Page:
I think it’s likely that the emails leaked to Nicky Hager for “Dirty Politics” have everything to do with the National Party. Nicky Hager identified the main source for his previous book “The Hollow Men” as six people from the National Party. He thanks “the National party staffer who first suggested he work on this subject” in the preface to “Dirty Politics.” It may well be that the both leaks come from the same source, and for the same reason. There will be many people in the National Party who will be disgusted at what is now being done under their name.
In the preface to the earlier book, Hager describes how after the 2005 campaign nearly brought Don Brash to the Beehive in a ‘successful” campaign, “some people in the National Party were profoundly unhappy with how some of this ‘success’ had been achieved. They believed that some of this ‘good’ campaigning had been so unprincipled and even unlawful that the country was lucky they had lost the election.” The preface concludes:
While reading (these) chapters, be aware of how rare it is to see the way politicians behave when they confidently believe that they are acting in secret. The public is usually fed an unnutritious diet of scripted media statements, clever advertisements and practised denials. This is a chance, thanks to National Party sources, to see and judge for yourself some of what really goes on.
We’ve certainly had a blizzard of practised, if unconvincing, denials from John Key and Judith Collins in the last few days as earlier posts on this site show all too clearly. But the way the group of political actors in Hager’s Dirty Politics behave “when they confidently believe they are acting in secret” goes beyond unprincipled and unlawful to decadent and disgusting. That is why I believe it is likely that it is those with integrity in the National Party – and there are many there – are the ones who have called time and blown the whistle.
In the eponymous chapter in the “Hollow Men,” Hager talks about how the 2005 campaign’s focus on political correctness and the nanny state
helps National to avoid confronting a deep and fundamental rift within its own ranks. For most of its history, the party was a combination of conservative and interest group politics..Since the 1980s National has had two very different and incompatible policies at work: conservative and radical free market right.. This fundamental conflict has never been resolved.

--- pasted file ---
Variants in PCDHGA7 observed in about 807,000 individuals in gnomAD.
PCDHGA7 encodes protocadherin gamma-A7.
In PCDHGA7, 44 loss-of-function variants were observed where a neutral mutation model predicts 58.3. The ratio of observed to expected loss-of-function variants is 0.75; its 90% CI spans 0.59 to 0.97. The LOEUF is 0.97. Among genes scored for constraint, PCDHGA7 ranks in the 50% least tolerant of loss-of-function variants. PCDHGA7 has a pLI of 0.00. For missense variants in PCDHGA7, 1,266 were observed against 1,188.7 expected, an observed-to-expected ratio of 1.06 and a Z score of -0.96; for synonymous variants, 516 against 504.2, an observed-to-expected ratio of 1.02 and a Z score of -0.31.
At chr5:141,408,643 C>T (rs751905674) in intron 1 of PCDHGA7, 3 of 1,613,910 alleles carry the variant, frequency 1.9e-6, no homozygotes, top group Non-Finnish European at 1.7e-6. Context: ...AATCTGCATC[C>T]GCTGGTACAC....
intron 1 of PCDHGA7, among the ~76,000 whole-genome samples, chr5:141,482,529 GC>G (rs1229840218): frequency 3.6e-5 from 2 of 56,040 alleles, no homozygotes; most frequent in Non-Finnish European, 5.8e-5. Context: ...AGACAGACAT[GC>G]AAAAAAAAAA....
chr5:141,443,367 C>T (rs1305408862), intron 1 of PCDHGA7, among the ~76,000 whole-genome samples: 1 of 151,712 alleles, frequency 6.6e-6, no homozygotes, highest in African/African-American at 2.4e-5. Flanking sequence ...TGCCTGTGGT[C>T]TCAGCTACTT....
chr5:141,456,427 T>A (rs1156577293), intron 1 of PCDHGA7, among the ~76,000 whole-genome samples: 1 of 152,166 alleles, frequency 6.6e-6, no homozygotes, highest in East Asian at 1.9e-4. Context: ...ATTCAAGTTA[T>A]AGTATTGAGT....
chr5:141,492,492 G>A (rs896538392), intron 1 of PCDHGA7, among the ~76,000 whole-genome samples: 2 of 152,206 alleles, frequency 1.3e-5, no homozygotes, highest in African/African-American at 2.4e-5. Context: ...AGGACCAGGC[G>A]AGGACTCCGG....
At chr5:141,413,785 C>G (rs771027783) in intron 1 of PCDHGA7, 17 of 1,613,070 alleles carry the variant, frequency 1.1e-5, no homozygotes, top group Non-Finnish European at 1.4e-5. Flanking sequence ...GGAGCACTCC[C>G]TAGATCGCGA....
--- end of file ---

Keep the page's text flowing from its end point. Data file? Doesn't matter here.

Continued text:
Don Brash was definitely from the radical right. So is John Key, as the “Hollow Men” shows, with the addition of “detoxification” of the right-wing brand. But what Key has added and allowed is a worse form of toxicity, a slimy poison infecting the underparts of the National Party. Its focus is not only external but also internal, as detailed in Slater’s tactics to solicit money to affect National Party candidate selections by negative tactics in favour of an extreme right wing faction led by Judith Collins.
So it should be no surprise that those underhand and bullying tactics may now have been brought to light in my view by National Party conservatives, who represent an altogether more decent form of politics. Those I know will be disgusted by this type of behaviour. It’s also testimony to a massive split inside the party. The paper over the cracks has now been torn apart.
Also, John Key trying to paint Nicky Hager as an “extreme left-winger” is absurd – this comes from the “Hollow Men” Epilogue:
For the National Party, the underlying problem has been the lack of a clear vision and philosophy to offer the public. Without these, the party is disorganised and ineffectual, and susceptible to being taken over by cliques and outside interests. Until new leaders find a genuinely conservative vision of their own, ..the party will keep sliding back into the same two ruts in the road – a more or less free market agenda that must be pursued by stealth and deception.
For that to happen it may well be appropriate that the TeamKey government should end, and “not with a bang but a whimper.”